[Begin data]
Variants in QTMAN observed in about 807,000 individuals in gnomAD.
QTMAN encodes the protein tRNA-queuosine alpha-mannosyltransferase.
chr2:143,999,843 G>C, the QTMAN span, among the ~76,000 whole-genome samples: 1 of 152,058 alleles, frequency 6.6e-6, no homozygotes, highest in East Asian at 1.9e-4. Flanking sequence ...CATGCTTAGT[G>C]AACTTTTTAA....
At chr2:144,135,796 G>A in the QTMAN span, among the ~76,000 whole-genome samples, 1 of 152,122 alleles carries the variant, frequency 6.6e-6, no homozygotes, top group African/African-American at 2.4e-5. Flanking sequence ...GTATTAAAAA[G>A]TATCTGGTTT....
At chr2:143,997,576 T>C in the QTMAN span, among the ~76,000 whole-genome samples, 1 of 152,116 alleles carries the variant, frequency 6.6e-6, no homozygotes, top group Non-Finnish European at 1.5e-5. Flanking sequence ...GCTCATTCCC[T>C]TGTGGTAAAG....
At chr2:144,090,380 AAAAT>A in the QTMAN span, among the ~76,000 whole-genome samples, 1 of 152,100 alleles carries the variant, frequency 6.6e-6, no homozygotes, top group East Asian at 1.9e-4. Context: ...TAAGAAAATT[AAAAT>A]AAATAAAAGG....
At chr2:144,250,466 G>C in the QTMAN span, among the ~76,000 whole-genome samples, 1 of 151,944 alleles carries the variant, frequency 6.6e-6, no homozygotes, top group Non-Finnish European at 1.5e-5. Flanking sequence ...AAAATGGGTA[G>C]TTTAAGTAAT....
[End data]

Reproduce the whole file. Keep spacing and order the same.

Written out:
Variants in QTMAN observed in about 807,000 individuals in gnomAD.
QTMAN encodes the protein tRNA-queuosine alpha-mannosyltransferase.
chr2:143,999,843 G>C, the QTMAN span, among the ~76,000 whole-genome samples: 1 of 152,058 alleles, frequency 6.6e-6, no homozygotes, highest in East Asian at 1.9e-4. Flanking sequence ...CATGCTTAGT[G>C]AACTTTTTAA....
At chr2:144,135,796 G>A in the QTMAN span, among the ~76,000 whole-genome samples, 1 of 152,122 alleles carries the variant, frequency 6.6e-6, no homozygotes, top group African/African-American at 2.4e-5. Flanking sequence ...GTATTAAAAA[G>A]TATCTGGTTT....
At chr2:143,997,576 T>C in the QTMAN span, among the ~76,000 whole-genome samples, 1 of 152,116 alleles carries the variant, frequency 6.6e-6, no homozygotes, top group Non-Finnish European at 1.5e-5. Flanking sequence ...GCTCATTCCC[T>C]TGTGGTAAAG....
At chr2:144,090,380 AAAAT>A in the QTMAN span, among the ~76,000 whole-genome samples, 1 of 152,100 alleles carries the variant, frequency 6.6e-6, no homozygotes, top group East Asian at 1.9e-4. Context: ...TAAGAAAATT[AAAAT>A]AAATAAAAGG....
At chr2:144,250,466 G>C in the QTMAN span, among the ~76,000 whole-genome samples, 1 of 151,944 alleles carries the variant, frequency 6.6e-6, no homozygotes, top group Non-Finnish European at 1.5e-5. Flanking sequence ...AAAATGGGTA[G>C]TTTAAGTAAT....